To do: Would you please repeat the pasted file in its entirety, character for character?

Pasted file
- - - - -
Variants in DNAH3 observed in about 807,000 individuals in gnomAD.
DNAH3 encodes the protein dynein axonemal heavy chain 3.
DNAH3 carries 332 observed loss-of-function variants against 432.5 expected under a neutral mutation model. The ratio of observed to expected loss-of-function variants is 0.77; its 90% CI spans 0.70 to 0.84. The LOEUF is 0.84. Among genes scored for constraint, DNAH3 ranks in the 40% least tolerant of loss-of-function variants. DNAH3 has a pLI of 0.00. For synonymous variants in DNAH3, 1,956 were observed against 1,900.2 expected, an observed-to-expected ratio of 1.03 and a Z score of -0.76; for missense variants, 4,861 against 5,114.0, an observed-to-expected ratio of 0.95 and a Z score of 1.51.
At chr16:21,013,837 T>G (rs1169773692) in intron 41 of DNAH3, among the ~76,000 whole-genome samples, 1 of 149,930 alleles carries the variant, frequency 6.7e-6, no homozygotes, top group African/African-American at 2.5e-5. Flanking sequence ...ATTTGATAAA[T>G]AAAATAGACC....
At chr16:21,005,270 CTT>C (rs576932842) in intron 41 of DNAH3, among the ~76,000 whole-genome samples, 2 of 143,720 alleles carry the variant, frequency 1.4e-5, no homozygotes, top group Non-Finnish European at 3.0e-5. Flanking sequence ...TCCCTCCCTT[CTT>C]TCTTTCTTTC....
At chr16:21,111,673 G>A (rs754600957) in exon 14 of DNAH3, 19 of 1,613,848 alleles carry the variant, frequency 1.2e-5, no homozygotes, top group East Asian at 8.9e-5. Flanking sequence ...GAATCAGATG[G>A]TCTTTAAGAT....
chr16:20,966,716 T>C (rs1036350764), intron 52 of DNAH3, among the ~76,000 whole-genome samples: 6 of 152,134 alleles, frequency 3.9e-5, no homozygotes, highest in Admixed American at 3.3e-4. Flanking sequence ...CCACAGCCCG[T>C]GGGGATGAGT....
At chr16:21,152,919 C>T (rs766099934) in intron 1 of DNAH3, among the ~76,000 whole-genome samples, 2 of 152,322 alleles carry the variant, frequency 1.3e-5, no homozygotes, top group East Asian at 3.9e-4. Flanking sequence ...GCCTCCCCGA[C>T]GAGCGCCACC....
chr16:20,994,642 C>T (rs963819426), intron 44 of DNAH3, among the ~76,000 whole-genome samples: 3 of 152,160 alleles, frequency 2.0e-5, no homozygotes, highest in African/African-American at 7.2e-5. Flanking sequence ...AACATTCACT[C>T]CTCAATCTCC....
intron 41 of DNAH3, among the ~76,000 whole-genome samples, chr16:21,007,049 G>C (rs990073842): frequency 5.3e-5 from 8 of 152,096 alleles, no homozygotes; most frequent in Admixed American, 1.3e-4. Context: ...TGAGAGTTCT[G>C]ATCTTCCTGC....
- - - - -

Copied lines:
Variants in DNAH3 observed in about 807,000 individuals in gnomAD.
DNAH3 encodes the protein dynein axonemal heavy chain 3.
DNAH3 carries 332 observed loss-of-function variants against 432.5 expected under a neutral mutation model. The ratio of observed to expected loss-of-function variants is 0.77; its 90% CI spans 0.70 to 0.84. The LOEUF is 0.84. Among genes scored for constraint, DNAH3 ranks in the 40% least tolerant of loss-of-function variants. DNAH3 has a pLI of 0.00. For synonymous variants in DNAH3, 1,956 were observed against 1,900.2 expected, an observed-to-expected ratio of 1.03 and a Z score of -0.76; for missense variants, 4,861 against 5,114.0, an observed-to-expected ratio of 0.95 and a Z score of 1.51.
At chr16:21,013,837 T>G (rs1169773692) in intron 41 of DNAH3, among the ~76,000 whole-genome samples, 1 of 149,930 alleles carries the variant, frequency 6.7e-6, no homozygotes, top group African/African-American at 2.5e-5. Flanking sequence ...ATTTGATAAA[T>G]AAAATAGACC....
At chr16:21,005,270 CTT>C (rs576932842) in intron 41 of DNAH3, among the ~76,000 whole-genome samples, 2 of 143,720 alleles carry the variant, frequency 1.4e-5, no homozygotes, top group Non-Finnish European at 3.0e-5. Flanking sequence ...TCCCTCCCTT[CTT>C]TCTTTCTTTC....
At chr16:21,111,673 G>A (rs754600957) in exon 14 of DNAH3, 19 of 1,613,848 alleles carry the variant, frequency 1.2e-5, no homozygotes, top group East Asian at 8.9e-5. Flanking sequence ...GAATCAGATG[G>A]TCTTTAAGAT....
chr16:20,966,716 T>C (rs1036350764), intron 52 of DNAH3, among the ~76,000 whole-genome samples: 6 of 152,134 alleles, frequency 3.9e-5, no homozygotes, highest in Admixed American at 3.3e-4. Flanking sequence ...CCACAGCCCG[T>C]GGGGATGAGT....
At chr16:21,152,919 C>T (rs766099934) in intron 1 of DNAH3, among the ~76,000 whole-genome samples, 2 of 152,322 alleles carry the variant, frequency 1.3e-5, no homozygotes, top group East Asian at 3.9e-4. Flanking sequence ...GCCTCCCCGA[C>T]GAGCGCCACC....
chr16:20,994,642 C>T (rs963819426), intron 44 of DNAH3, among the ~76,000 whole-genome samples: 3 of 152,160 alleles, frequency 2.0e-5, no homozygotes, highest in African/African-American at 7.2e-5. Flanking sequence ...AACATTCACT[C>T]CTCAATCTCC....
intron 41 of DNAH3, among the ~76,000 whole-genome samples, chr16:21,007,049 G>C (rs990073842): frequency 5.3e-5 from 8 of 152,096 alleles, no homozygotes; most frequent in Admixed American, 1.3e-4. Context: ...TGAGAGTTCT[G>C]ATCTTCCTGC....